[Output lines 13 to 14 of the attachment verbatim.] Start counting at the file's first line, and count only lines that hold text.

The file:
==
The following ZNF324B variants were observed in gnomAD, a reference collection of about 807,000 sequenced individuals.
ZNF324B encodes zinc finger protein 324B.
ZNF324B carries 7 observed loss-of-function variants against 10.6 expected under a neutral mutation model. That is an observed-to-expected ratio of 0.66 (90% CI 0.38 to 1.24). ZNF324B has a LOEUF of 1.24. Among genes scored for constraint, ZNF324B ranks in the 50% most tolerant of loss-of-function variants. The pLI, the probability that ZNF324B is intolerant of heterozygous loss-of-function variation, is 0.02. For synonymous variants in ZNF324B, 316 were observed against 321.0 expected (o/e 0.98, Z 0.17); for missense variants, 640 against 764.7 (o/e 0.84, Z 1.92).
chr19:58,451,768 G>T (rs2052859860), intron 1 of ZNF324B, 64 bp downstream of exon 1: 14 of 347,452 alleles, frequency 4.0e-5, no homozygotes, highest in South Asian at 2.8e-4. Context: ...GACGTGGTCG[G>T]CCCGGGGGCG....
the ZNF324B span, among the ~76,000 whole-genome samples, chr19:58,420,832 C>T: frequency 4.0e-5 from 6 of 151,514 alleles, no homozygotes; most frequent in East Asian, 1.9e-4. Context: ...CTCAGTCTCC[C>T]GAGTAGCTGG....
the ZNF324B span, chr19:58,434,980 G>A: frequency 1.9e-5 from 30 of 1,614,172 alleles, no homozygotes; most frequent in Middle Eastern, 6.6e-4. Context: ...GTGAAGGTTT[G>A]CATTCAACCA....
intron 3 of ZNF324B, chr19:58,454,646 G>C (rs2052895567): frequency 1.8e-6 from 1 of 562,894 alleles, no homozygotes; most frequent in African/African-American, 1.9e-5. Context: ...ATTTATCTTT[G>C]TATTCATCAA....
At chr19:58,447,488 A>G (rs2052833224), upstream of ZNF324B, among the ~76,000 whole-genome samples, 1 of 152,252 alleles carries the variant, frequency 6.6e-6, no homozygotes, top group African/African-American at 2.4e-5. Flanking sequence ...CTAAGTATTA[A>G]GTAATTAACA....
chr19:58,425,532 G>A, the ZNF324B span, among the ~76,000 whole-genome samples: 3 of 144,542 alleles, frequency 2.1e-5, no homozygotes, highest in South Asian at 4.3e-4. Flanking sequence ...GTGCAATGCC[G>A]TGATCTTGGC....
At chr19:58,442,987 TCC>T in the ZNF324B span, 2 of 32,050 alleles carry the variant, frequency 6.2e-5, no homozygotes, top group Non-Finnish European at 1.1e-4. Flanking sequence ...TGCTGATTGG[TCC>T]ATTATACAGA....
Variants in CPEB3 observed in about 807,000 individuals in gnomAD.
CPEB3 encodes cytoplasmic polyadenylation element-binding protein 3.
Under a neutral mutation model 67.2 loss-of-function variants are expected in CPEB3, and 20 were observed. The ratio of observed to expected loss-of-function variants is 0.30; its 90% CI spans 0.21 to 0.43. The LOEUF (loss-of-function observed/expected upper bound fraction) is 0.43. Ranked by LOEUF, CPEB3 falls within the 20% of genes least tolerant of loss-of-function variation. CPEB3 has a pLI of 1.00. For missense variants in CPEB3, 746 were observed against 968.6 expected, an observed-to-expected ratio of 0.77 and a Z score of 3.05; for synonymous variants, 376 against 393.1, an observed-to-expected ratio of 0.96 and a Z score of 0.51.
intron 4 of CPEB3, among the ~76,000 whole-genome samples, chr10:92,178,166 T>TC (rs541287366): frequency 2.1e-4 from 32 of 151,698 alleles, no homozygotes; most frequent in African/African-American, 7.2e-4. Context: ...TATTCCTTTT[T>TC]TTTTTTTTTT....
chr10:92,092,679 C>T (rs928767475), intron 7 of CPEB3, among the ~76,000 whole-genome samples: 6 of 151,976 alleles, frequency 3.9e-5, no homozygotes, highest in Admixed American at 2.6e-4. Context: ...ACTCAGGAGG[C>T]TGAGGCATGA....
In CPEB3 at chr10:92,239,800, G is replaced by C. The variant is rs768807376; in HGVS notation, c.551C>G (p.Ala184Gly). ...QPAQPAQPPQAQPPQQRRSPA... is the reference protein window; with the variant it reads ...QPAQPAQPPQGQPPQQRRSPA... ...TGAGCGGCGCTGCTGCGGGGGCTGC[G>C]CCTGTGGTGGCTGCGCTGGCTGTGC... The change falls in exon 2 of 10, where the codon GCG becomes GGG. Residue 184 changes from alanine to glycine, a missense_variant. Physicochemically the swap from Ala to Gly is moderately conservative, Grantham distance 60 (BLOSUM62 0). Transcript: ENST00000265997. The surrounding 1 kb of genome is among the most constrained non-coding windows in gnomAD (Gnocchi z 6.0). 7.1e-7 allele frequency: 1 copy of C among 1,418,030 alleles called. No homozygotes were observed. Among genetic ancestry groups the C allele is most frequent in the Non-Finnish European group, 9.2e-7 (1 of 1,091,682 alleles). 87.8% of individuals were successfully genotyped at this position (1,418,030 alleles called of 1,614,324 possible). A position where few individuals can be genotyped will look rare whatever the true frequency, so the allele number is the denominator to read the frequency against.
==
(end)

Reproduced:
Under a neutral mutation model 67.2 loss-of-function variants are expected in CPEB3, and 20 were observed. The ratio of observed to expected loss-of-function variants is 0.30; its 90% CI spans 0.21 to 0.43. The LOEUF (loss-of-function observed/expected upper bound fraction) is 0.43. Ranked by LOEUF, CPEB3 falls within the 20% of genes least tolerant of loss-of-function variation. CPEB3 has a pLI of 1.00. For missense variants in CPEB3, 746 were observed against 968.6 expected, an observed-to-expected ratio of 0.77 and a Z score of 3.05; for synonymous variants, 376 against 393.1, an observed-to-expected ratio of 0.96 and a Z score of 0.51.
intron 4 of CPEB3, among the ~76,000 whole-genome samples, chr10:92,178,166 T>TC (rs541287366): frequency 2.1e-4 from 32 of 151,698 alleles, no homozygotes; most frequent in African/African-American, 7.2e-4. Context: ...TATTCCTTTT[T>TC]TTTTTTTTTT....